AURORA school students showing off their clay-model telescopes at Astro-Quiz night
The University of Canterbury astronomy faculty, who ran the AURORA school, has since welcomed me into the department as a visitor, and has provided me with office, desk and computer. I'll be working with them here on campus and also with teaching fellow Ben McNabb, who will help me organize visits to primary and secondary schools around Christchurch. 

Since settling in, I hoped to explore town a little bit more, but since the weather has been cold, rainy and miserable, I've mostly kept indoors. On Sunday, it was raining and sad, so I spent the afternoon at my local public library, only a 5 minute bike-ride away. I thought I'd go for the computers or to find a nice novel to read, but I found myself instead in the children's section, in a tiny chair, covered in children's books about outer space. The most interesting books were Maori legends that explained how the Sun, Earth, Moon and stars came into being.
Rainy day at the Papanui public library, reading children's books of Maori astro-legends

I'm here in New Zealand to explore this intersection between access to a high-achieving public education system (NZ ranks 4th in reading and science and 7th in math globally), and a strong traditional astronomical culture. Reading these legends was fascinating, and also gave some insight into how children in NZ are learning about astronomy. 

This week, I'm settling into life here, getting adjusted and getting some practical things done (like blogging!). These next two weeks are school holidays, proving that I am absolutely the worst at timing my travels so that I'll be able to speak with kids in schools (Chilean independence, Dasain in Nepal, Christmas/New Years in South Africa...) I don't think this holiday will inhibit my activities too much, though, as next week I'll travel to visit the South Canterbury Astronomical Society in Geraldine and Timaru to take part in their Global Astronomy Month events, and also hopefully take a trip to the Mt John Observatory near Lake Tekapo.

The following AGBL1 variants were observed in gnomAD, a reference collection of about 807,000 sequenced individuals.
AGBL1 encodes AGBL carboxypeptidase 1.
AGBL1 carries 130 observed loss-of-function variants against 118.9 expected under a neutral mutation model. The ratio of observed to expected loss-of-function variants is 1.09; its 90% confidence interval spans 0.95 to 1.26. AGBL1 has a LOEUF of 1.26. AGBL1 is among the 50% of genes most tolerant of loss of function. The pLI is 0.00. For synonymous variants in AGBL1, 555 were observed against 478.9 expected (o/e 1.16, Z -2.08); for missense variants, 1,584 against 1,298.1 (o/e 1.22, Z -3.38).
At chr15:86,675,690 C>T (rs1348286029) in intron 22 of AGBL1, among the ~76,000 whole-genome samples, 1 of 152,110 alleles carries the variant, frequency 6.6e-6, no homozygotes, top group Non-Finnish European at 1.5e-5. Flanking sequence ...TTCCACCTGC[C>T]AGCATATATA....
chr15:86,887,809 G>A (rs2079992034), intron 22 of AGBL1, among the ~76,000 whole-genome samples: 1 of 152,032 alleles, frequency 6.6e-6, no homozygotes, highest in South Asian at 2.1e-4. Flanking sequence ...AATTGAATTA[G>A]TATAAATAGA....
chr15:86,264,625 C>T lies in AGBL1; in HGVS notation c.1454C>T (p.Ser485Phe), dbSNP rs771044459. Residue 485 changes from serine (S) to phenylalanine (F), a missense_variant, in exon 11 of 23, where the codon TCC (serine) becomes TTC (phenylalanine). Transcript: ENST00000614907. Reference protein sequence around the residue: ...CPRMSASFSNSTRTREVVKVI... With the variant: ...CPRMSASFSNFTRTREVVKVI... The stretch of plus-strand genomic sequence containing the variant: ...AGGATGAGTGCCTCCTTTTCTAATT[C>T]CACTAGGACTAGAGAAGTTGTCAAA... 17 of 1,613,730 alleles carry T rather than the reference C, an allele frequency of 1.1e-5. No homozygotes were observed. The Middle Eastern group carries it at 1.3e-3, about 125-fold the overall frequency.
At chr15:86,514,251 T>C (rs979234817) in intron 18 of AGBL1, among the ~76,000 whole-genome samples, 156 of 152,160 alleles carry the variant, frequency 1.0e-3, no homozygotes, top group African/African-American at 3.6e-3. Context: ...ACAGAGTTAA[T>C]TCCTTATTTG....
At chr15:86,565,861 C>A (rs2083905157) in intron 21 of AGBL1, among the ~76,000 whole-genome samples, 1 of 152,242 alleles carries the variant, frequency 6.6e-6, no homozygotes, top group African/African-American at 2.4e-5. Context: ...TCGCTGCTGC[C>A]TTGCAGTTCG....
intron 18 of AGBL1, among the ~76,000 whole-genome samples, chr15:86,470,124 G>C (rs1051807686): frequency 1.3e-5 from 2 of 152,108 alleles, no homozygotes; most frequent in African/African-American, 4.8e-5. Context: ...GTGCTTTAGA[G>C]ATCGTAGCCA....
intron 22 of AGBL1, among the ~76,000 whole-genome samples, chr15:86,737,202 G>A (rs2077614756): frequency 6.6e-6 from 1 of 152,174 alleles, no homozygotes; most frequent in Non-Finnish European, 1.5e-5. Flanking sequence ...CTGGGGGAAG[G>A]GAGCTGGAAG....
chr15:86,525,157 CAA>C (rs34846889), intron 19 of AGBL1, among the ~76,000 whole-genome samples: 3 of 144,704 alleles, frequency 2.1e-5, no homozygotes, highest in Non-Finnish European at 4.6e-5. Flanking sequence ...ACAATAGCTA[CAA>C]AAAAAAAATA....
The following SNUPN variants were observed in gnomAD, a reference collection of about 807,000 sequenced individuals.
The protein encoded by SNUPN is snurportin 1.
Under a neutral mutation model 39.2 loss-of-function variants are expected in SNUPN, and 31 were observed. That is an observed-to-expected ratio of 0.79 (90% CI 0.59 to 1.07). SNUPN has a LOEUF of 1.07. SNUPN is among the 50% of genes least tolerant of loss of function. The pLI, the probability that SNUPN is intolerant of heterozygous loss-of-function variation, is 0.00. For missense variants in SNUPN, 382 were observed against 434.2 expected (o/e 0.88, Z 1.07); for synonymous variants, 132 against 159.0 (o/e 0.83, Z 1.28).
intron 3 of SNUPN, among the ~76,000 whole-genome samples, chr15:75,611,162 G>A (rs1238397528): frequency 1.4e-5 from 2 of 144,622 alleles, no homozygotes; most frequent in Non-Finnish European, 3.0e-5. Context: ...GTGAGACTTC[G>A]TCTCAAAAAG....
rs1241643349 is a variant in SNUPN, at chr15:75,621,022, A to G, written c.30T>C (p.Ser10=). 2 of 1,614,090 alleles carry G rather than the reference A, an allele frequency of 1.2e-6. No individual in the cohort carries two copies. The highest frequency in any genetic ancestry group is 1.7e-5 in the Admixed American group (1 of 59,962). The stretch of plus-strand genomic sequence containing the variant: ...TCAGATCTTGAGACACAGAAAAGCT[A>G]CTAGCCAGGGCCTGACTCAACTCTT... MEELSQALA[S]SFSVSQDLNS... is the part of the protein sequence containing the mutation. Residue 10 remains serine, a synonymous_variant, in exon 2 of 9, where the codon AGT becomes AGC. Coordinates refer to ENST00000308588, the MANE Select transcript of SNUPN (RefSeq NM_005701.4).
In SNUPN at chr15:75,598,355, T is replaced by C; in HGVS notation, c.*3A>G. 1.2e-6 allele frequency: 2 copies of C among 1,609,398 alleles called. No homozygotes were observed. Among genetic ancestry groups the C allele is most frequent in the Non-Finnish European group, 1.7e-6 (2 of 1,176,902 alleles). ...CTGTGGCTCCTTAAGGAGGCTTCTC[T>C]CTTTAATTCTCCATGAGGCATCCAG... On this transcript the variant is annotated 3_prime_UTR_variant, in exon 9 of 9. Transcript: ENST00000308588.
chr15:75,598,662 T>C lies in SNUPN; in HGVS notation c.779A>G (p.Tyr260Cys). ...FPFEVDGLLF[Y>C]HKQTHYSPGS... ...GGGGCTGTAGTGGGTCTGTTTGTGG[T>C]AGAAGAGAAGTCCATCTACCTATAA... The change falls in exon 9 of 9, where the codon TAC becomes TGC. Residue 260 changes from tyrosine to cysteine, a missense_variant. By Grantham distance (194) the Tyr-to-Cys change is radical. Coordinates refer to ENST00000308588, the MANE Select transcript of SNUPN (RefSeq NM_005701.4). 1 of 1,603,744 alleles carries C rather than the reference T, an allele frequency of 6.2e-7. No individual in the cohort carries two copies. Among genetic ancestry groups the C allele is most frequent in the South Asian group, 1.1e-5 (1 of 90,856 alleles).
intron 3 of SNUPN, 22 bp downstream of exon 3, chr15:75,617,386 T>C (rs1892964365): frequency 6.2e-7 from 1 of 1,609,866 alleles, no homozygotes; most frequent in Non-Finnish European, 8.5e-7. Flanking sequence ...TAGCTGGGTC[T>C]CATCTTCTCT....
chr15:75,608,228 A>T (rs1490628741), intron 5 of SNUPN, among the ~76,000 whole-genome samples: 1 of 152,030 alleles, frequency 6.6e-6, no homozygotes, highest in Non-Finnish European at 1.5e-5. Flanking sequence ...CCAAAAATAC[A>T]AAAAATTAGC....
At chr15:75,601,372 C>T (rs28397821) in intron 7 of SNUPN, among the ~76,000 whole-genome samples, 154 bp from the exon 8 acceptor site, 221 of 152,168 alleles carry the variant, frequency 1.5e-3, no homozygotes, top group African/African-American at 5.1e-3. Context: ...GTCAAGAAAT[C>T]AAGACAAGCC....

UPDATE since the first part of this post was written -- the skies have finally cleared, and the weather report is now calling for "mild temperatures and abundant sunshine" for the next few days. Visions of gorgeous Christchurch autumn:
View from my 8th floor office (see mountains in background)
Campus walkways. I can't help but think of the Haverford nature trail in October

Monday, April 15, 2013


I'm back in Cape Town now for a few days after a very quick, but very meaningful and informative trip to Ethiopia. In each of the places I've gone on this project I've had time to fully immerse myself not just in the educational or astronomical culture, but also a bit in the national culture, the language, the local histories, the arrangement of the cities and so on. By spending 2.5 weeks in Ethiopia, instead of my standard 2-3 months, I didn't necessarily have time to do this, and instead was on *Watson Power Mode*, attempting to absorb and do as much as humanly possible in the short time I had. 

I chose to go to Ethiopia because astronomy is rapidly developing there at the professional level. The Ethiopian Space Science Society (ESSS), which is based at the Department of Technology at the University of Addis Ababa, is currently in the process of building a professional-class observatory with two 1-meter diameter telescopes in the mountains just above Addis. They're also beginning site testing for another observatory in the north of the country, in the more remote hills of Lalibela. In visiting Ethiopia, I wanted to see how this development is affecting students, if at all. Simultaneously, I wanted to explore how other aspects of Ethiopian culture, including religion, affect children's notions of the Universe.

Through my work at the OAD in Cape Town, I was able to connect with the ESSS ahead of time and through them, I visited 5 different schools across Addis in the time I was there. We visited both public and private schools, although each of the schools we visited had their own Space Science Club. Besides these clubs, astronomy is barely in the school curriculum, usually taught as small units in physics or geography classes. For the most part, I gave my standard presentation and engaged with students directly this way.

Speaking to the Nazareth girls school Space Science Club.
Nazareth girls school, student organized Space Science Club evening event, complete with  star gazing